------------------
--Shannon Schlomer, BLAZE Technologies, Inc.

[This message has been edited by blaze (edited December 24, 1999).]

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Hands down, a single bit shift operation will beat a multiplication by a power of two. Your compiler will know this and change any multiplications by a constant power of two into a bit shift. The real question is if a mulitplication of a number that is a sum of two or more powers of two will beat out the bit shift/addition combo. (i*6 faster than (i << 2) + (i << 1) ?) On the 486 processors and earlier shift/add was faster for the some of two powers of two, but I haven't benched it since then, but again with the newer processors the superscalar architecture should make sure that even if you are doing a "slow" multiplication, no processors cycles are wasted.

Having the processor perform the bit shifts would also be faster than an array lookup. In the array lookup, you have to access memory possible multiple times with the chance of cache miss, page fault, etc.

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Guest Anonymous Poster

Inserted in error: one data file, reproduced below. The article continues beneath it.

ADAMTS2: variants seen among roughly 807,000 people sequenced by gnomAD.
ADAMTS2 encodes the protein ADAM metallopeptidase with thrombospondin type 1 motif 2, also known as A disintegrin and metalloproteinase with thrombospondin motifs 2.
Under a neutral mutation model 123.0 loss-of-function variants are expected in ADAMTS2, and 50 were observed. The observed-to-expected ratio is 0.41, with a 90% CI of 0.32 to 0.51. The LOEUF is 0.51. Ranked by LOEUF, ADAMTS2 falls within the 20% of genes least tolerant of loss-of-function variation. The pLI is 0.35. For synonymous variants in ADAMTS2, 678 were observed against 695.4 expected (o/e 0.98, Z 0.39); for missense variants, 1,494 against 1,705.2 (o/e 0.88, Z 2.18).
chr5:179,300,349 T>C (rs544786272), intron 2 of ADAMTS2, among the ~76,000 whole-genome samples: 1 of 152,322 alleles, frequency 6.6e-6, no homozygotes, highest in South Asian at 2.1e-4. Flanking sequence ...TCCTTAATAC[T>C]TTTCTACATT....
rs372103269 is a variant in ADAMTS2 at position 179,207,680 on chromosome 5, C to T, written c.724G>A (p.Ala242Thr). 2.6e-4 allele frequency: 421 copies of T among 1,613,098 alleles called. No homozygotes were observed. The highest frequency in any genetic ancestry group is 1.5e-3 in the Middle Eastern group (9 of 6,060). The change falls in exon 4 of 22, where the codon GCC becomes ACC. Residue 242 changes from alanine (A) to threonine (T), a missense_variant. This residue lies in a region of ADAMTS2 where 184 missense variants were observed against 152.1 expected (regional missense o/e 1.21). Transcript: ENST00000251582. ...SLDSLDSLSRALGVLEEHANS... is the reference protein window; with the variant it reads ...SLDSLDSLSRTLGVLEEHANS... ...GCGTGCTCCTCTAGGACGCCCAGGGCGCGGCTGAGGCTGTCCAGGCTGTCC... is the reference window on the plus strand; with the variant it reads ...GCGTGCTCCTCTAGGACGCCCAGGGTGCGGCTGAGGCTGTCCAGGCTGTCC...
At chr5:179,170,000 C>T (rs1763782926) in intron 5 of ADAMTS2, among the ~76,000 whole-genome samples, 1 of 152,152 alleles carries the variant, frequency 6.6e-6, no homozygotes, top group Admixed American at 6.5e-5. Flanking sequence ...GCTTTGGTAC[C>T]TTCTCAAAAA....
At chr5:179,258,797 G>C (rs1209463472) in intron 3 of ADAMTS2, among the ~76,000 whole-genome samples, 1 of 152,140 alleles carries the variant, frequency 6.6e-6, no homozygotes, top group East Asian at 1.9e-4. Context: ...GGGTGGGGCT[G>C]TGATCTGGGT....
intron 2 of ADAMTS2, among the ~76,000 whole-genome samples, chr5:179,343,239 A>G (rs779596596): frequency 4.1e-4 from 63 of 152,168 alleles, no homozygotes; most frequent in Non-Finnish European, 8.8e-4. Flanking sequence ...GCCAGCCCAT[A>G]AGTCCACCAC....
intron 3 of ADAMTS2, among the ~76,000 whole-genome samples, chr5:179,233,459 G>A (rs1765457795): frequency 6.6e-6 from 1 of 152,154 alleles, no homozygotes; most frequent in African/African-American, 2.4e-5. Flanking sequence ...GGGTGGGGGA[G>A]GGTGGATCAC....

Hi,

A few mins ago I was reading some reviews of Andre's new book on amazon. Some guy was denouncing all of andre's claims, and one of them was that 'bit shifting is faster than multiplying'. After years of been told _always_ bit shift, I laughed.

I thought I'd check it out tho, having never actually compared normal multiplication and bit shifting, just taking it on faith that it is faster...anyway.

I used the following code for bit shifting;

for(DWORD i=0; i<10000000; i++)
temp = 6545345 << 1;

And this for normal multiplication;

for(DWORD i=0; i<10000000; i++)
temp = 6545345 * 2;

10,000,000 seemed a large enough amount of multiplication

Upon checking the frame rates, I got 3.15fps for the standard multiplication, and about 3.12fps for the bit shifting... HMM.

Is this just me? Bear in mind im on a lowly p200mmx, hence the slow fps But in comparison, how come bitshifting is actually slower than standard multiplication??

Is this all just me?

Comments/Advice/Flames...

--
Russ